Monitoring Tidal Water Elevation and Water Quality to Assess Tidal Wetland Loss in Four Embayments of Long Island Sound, New York

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Introduction Recent trends analysis examining the effectiveness of tidal wetland regulations and the regulatory program of the New York State Department of Environmental Conservation (NYSDEC) revealed that the regulations and regulatory program were highly effective in stemming the historic "fill and build" activities. However, the trends also revealed that tidal wetlands—specifically, low m...

 

Introduction

Recent trends analysis examining the effectiveness of tidal wetland regulations and the regulatory program of the New York State Department of Environmental Conservation (NYSDEC) revealed that the regulations and regulatory program were highly effective in stemming the historic "fill and build" activities. However, the trends also revealed that tidal wetlands—specifically, low marshes—were disappearing. To help determine the cause(s) of this loss, the NYSDEC, in collaboration with Stony Brook University's School of Marine and Atmospheric Sciences (SoMAS) and the U.S. Geological Survey (USGS), established a monitoring program in 2008 that has been conducted on and in the tidal wetlands of East Creek, Sands Point; West Pond, Glen Cove; Frost Creek, Lattingtown; and Flax Pond, Old Field (fig. 1).

 

Approach

The USGS has established and operated a monitoring station that collects data on tidal water elevation at each of the four wetland embayments of Long Island Sound (LIS). These data have been relayed hourly via satellite telemetry to USGS offices in real time and made publicly available via the Internet within a few minutes of their arrival. At two of the embayments—East Creek and Frost Creek—where structures (bridges) exist and enable emplacement of instruments directly in the waterway, data on water temperature and specific conductance, which are used to compute salinity, have also been collected and disseminated via the same processes employed for the water elevations. Because no structures exist in the vicinity of standing water at low tide in West Pond, a siphon gage that precludes placement of an instrument directly in the waterbody (and collection of representative data on chemical parameters) has been used at this embayment. The remaining embayment—Flax Pond—has been equipped with an add-on water-quality monitor that has collected data on temperature, specific conductance (used to compute salinity), pH, dissolved oxygen, and turbidity (fig. 2); these data have also been disseminated with the water-elevation data.

Tidal statistics (for example, mean high and low water elevations) are being published (online) annually for daily water-elevation records from all four stations in the USGS Water-Data Report for Long Island. In addition, daily statistics (for example, maximum, minimum, and mean values) are being published annually in this report for records of water temperature and salinity from all embayments except West Pond, and for records of pH, dissolved oxygen, and turbidity from Flax Pond.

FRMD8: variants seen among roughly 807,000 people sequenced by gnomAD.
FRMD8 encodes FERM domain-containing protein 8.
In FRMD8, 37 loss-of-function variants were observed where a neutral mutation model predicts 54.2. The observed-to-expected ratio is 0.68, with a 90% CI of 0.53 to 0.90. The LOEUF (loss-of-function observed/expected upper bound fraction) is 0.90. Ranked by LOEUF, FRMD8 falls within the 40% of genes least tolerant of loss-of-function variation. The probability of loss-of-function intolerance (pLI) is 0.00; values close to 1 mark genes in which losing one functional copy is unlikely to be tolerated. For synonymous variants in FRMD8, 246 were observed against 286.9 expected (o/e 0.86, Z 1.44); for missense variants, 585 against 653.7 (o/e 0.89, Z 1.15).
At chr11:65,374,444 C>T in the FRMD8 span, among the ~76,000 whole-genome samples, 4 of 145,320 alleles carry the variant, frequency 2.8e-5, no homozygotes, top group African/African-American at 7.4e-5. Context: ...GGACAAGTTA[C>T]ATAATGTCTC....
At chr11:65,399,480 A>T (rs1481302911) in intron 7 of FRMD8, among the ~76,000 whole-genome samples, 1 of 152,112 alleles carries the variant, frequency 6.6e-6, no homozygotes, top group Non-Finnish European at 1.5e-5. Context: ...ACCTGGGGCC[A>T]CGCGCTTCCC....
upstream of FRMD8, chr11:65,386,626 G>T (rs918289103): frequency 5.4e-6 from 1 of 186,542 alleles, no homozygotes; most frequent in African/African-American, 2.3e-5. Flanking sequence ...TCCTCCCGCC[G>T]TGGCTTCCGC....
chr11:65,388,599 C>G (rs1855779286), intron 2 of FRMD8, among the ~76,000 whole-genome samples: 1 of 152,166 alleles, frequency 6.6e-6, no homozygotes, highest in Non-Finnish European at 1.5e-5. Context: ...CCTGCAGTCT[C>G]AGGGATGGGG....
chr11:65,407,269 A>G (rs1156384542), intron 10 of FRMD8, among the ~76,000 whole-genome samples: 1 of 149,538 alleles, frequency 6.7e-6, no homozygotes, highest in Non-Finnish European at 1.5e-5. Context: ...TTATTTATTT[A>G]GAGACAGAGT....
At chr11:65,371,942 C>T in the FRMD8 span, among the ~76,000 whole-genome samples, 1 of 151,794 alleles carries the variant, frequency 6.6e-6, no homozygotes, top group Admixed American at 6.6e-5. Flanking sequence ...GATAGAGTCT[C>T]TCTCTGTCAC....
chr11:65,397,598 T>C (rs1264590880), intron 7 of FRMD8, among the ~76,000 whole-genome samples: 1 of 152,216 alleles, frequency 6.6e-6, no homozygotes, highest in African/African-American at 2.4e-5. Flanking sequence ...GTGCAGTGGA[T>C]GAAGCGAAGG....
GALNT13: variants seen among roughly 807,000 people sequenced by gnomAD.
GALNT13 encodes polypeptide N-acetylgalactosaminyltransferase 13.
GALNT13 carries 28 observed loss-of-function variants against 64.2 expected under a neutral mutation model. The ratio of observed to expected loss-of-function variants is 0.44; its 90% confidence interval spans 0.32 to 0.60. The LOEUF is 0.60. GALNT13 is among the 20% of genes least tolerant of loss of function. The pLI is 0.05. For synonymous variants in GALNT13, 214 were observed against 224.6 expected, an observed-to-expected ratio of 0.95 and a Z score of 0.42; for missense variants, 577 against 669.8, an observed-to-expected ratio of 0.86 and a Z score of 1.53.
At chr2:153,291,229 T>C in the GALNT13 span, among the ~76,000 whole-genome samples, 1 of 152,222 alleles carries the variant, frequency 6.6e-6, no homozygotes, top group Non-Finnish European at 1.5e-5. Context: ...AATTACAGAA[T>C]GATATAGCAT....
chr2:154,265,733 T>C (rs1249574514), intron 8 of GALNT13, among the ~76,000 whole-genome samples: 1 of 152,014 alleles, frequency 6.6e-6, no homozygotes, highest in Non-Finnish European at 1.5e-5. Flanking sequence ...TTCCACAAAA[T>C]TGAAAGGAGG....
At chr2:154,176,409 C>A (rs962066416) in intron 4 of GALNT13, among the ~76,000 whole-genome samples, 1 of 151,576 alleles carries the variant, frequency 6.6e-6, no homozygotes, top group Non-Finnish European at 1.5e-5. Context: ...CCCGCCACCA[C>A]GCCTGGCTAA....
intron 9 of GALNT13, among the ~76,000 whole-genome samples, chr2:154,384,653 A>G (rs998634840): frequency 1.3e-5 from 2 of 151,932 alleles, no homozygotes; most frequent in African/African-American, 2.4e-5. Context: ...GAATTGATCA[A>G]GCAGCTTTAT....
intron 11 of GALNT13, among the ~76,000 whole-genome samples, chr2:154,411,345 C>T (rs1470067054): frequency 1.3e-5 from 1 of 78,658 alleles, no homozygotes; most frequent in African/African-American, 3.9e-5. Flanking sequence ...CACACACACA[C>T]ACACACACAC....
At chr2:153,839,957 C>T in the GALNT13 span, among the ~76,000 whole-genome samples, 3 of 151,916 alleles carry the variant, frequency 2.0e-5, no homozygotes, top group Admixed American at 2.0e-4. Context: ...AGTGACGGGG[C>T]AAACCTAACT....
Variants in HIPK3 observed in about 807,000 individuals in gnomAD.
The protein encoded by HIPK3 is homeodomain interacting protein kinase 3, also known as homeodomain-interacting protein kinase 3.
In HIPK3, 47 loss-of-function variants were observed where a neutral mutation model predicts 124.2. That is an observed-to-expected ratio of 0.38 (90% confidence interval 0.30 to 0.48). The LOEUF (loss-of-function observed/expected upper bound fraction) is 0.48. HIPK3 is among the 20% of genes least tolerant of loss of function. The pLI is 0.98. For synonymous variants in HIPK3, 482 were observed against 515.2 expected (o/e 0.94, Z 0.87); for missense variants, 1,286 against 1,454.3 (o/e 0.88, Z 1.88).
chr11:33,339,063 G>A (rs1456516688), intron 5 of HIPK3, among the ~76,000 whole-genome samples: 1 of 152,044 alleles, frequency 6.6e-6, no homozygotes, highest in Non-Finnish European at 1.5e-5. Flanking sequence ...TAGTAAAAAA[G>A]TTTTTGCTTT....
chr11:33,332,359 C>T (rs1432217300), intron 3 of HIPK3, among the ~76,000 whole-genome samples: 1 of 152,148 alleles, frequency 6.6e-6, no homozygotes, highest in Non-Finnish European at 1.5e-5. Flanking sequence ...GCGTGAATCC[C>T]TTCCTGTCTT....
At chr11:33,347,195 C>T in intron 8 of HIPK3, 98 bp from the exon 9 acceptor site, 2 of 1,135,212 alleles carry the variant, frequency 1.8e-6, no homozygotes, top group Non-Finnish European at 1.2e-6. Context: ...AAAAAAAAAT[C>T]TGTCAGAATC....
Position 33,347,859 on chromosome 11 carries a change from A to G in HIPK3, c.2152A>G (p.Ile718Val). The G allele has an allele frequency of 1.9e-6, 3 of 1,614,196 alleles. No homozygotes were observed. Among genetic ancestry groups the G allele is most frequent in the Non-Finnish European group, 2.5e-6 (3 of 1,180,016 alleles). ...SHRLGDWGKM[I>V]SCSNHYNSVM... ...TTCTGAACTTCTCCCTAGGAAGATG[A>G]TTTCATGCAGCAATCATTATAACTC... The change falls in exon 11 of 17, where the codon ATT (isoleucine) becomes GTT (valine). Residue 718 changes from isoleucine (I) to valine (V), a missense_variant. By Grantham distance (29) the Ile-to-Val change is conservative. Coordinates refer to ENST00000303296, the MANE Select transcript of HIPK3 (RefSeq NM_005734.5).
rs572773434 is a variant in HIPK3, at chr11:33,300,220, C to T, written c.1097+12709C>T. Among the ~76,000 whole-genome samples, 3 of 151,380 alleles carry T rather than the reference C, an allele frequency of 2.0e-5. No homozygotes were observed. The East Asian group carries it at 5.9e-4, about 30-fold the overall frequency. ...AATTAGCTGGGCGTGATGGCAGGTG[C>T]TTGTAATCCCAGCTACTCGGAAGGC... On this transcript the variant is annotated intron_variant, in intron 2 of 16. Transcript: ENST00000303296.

To better understand the cause(s) of tidal wetland loss, the NYSDEC has installed sediment elevation tables at these and other tidal wetland sites to provide long-term marsh accretion rates and elevation data. Scientists from SoMAS have collected pore-water samples from marsh soils for analysis of sulfide, nitrate, nitrite, ammonia, dissolved phosphorus, pH, and Eh. They are also determining accretion rates for the past century from detailed 210Pb chronologies.

 

Results

A comparison of tidal statistics at East Creek, Frost Creek, and Flax Pond (see fig. 3A, for example) indicates that mean lower low water (MLLW) elevation differs substantially among embayments and LIS. During October 2008 to September 2009, MLLW elevations at Frost Creek and Flax Pond averaged -0.30 and 0.22 feet above NGVD 1929 (National Geodetic Vertical Datum of 1929), respectively, whereas MLLW elevation at the East Creek control site averaged 3.35 feet above NGVD 1929. Differences between MLLW elevations at the sites are due to varying degrees of shoaling in inlets that connect the embayments to LIS (Cartwright and others, 2010). Despite the MLLW differences, mean temperatures and salinities were similar among embayments during this period; minor variations in these parameters are attributed to differences in tidal hydrology, and magnitude and mechanism of freshwater inflow (see fig. 3B, for example).

Marsh habitats are the result of long-term adaptations to local differences in tidal hydrology and water quality, such as those among the four embayments. Understanding these adaptations may provide clues to ongoing and potential future rates of tidal wetland loss.

 

Related Publications

Cartwright, Richard, Schubert, Christopher, Tagliaferri, Tristen, Mushacke, Fred, Young, Heather, and Cochran, Kirk, 2010, Monitoring tidal water elevation and water quality in four embayments of Long Island Sound, New York to assess tidal wetland loss, Seventh National Monitoring Conference—Monitoring From the Summit to the Sea, Conference Program, Denver, Colorado, April 25-29, 2010, p. 136, accessed June 10, 2010, at http://acwi.gov/monitoring/conference/2010/2010_NMC_Program_2010-04-13.pdf

Wagner, R.J., Boulger, R.W., Jr., Oblinger, C.J., and Smith, B.A., 2006, Guidelines and standard procedures for continuous water-quality monitors—Station operation, record computa-tion, and data reporting: U.S. Geological Survey Techniques and Methods 1-D3, 51 p. + 8 attachments; accessed April 10, 2006, at http://pubs.usgs.gov/tm/2006/tm1D3/pdf/TM1D3.pdf

Project
Location by County

Suffolk County, NY, Nassau County, NY